1. Refraining from publishing comments that are “homophobic”, even if they are “academically rigorous” (whatever that means), would appear to be preclude hosting any *balanced* discussion of what is possibly the hottest topic of the present day that such a blog as this might wish to address, namely the rights, wrongs, legality or illegality, and tactics best employed by the two sides, in the present trajectory of fraught interaction between the Christian faith that is, by and large, inherently and implacably homophobic, and the recent same sex marriage legislation, cannon law and Christian doctrine about marriage, and equality and human rights as touching the right of adherents to that faith to express and to practise their homophobic beliefs unmolested by secular pro-homosexuality elements within society, and such as have infiltrated Christian organised religion.

    Such a policy will inevitably lead, every time the topic arises, to a one-sided discussion, in which homosexualists will sometimes get their comments published, whilst the comments of their natural opponents, unashamed, impenitent, conscientious homophobes (like myself), will always find their comments about the impact of homosexualism upon the church, censored. It amounts to deciding what the consensus of the majority ought to be, i.e. deciding which party the blog owners think is right and which is wrong morally, and deliberately filtering comments, in order to create the possibly misleading impression that the consensus the blog owners wish for, is what the consensus of the majority actually is. Banning homophobic comments thus amounts to an attempt to close down any real discussion of one of the hottest law and religion topics of the day.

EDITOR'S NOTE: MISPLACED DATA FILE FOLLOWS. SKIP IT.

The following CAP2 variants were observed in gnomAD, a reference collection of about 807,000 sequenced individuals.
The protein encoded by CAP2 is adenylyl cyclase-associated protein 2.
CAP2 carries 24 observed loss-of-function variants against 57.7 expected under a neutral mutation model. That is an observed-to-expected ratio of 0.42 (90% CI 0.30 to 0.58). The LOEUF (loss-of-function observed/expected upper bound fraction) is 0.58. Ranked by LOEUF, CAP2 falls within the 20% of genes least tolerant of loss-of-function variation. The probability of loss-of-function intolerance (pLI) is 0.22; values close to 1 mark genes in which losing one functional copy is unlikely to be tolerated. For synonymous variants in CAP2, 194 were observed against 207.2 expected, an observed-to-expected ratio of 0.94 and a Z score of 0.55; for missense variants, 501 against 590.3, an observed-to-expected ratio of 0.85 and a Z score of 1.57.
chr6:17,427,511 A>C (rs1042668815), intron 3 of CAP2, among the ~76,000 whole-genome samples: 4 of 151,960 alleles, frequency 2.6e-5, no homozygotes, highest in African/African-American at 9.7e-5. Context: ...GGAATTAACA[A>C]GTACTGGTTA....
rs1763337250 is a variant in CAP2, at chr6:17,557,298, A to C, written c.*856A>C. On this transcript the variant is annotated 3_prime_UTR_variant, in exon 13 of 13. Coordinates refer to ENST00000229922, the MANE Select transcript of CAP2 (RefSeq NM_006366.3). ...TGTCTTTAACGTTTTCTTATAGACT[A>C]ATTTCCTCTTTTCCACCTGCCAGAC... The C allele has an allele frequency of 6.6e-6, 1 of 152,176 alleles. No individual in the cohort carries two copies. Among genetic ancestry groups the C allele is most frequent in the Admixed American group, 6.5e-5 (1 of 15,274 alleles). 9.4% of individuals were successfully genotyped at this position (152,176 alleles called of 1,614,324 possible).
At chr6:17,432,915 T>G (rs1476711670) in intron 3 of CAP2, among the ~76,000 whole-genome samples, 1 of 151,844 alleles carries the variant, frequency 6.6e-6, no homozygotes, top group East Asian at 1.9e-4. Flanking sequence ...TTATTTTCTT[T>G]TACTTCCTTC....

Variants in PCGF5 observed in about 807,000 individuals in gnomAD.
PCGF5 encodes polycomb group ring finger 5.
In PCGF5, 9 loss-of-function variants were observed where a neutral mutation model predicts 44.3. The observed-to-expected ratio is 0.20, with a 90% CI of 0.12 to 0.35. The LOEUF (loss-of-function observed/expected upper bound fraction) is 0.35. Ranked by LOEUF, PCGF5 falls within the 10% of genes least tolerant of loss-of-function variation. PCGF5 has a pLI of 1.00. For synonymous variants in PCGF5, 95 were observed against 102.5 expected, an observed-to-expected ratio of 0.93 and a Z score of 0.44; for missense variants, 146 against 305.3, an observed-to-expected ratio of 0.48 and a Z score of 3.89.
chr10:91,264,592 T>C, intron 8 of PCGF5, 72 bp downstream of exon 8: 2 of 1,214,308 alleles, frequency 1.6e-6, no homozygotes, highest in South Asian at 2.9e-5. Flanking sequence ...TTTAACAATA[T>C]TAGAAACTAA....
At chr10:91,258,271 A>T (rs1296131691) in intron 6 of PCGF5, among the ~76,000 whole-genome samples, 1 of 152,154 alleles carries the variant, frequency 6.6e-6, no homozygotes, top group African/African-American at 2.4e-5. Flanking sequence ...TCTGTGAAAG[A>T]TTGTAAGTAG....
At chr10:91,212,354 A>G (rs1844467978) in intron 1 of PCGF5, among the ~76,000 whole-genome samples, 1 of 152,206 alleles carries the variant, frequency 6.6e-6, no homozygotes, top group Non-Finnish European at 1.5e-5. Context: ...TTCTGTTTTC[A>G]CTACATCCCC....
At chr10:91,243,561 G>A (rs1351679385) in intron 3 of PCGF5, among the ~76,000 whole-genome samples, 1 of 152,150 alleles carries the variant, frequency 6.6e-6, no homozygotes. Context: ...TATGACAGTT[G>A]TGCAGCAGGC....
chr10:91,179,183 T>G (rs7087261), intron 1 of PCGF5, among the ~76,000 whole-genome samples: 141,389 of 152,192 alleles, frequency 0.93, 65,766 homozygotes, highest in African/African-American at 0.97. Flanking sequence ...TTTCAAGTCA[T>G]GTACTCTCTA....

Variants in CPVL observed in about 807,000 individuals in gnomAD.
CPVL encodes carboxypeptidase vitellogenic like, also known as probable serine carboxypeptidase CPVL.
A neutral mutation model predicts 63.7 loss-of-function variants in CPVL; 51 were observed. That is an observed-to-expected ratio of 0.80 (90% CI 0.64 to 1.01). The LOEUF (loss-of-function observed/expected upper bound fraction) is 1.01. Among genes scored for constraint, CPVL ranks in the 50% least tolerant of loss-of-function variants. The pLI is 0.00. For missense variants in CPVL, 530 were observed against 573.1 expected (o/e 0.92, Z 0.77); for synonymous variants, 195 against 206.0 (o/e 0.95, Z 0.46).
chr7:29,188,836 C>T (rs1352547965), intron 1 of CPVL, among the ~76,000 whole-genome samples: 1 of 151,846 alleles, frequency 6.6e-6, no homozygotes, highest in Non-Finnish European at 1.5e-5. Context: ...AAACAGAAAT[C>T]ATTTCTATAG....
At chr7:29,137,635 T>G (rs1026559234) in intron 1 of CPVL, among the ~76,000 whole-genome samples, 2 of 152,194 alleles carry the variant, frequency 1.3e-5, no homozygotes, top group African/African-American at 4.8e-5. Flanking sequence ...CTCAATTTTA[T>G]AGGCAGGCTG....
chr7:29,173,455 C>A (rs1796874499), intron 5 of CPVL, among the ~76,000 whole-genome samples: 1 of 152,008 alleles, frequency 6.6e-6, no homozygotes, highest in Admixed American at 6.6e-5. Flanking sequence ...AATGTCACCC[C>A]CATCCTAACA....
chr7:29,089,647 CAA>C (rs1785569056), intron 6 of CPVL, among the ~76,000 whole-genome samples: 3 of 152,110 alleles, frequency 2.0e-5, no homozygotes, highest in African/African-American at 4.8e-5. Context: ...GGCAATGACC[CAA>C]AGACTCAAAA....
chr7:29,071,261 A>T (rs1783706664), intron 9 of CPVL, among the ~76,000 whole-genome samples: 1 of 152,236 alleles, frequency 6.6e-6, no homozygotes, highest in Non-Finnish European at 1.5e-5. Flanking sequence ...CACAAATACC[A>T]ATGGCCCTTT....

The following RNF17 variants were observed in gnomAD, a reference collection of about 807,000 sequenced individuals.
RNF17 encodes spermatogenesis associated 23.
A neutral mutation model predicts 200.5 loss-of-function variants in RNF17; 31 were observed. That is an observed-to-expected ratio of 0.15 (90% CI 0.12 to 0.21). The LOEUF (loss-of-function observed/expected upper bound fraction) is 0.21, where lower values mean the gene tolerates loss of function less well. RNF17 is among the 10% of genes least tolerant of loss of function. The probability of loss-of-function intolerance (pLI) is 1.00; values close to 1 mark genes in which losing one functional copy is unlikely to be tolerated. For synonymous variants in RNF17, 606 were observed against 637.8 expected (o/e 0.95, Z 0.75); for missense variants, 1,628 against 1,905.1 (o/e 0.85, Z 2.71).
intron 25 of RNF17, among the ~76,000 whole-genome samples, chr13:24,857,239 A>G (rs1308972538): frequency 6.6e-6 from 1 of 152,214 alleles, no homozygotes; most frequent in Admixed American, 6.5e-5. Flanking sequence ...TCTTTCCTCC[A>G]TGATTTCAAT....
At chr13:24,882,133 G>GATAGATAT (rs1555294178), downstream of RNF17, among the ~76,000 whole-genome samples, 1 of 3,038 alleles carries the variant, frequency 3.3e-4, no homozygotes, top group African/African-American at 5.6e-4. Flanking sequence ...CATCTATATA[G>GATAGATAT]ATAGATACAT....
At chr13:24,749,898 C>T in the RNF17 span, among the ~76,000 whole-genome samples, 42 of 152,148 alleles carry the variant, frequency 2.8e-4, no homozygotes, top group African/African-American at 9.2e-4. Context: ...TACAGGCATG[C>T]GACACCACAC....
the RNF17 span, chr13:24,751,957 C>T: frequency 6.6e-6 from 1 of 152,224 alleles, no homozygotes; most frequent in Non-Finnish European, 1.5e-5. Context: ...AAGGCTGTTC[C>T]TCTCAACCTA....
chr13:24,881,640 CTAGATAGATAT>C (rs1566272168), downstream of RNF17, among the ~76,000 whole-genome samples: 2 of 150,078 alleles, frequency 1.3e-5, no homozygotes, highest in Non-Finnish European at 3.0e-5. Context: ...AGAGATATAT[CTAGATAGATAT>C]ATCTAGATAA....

If the criterion is to avoid publishing “offensive” comments, making the assumption betrayed by the use of the phrase “homophobic or otherwise offensive” that all homophobic comments are objectively offensive, then I would like to point out that pro-homosexuality comments are also objectively offensive. By using the term “objectively offensive”, I mean to draw attention to the fact that the conclusion cannot be avoided that a substantial proportion of the population find the promotion of homosexuality subjectively offensive to them, whilst a different proportion of the population find opposition to homosexuality, or homophobia as this has become known whether we like that choice of word or not, subjectively offensive to them. Hence publishing any relevant comment at all, about the effect of the pro-homosexuality movement’s various legislative victories and tactics for imposing their views upon Christians, upon the inherently homophobic Christian faith community, is almost bound to offend somebody.

    • We take “academically rigorous” to mean “evidence-based and not couched in offensive terms”, particularly when a single post such as your recent submission (which we did not approve) is littered with them: “Her Majesty, Elizabeth the Rubber Stamp” and “‘the firm’ (her own robber baron, popish family); “abracadabra-like liturgy”; “pro-sodomy religious people like xxxx”; “fine words of made-up mumbo-jumbo”.

      We do not consider that it is the purpose of this blog to host a permanent debate on the rights or wrongs either of the current secular legislation on same-sex marriage or of the attitudes of the various Christian Churches (and other faiths) towards it.

      “Banning homophobic comments” may be viewed by some as ”an attempt to close down any real discussion of one of the hottest law and religion topics of the day” – but we believe that our decision is correct in terms both of the Equality Act 2010 and of the Defamation Act 2013.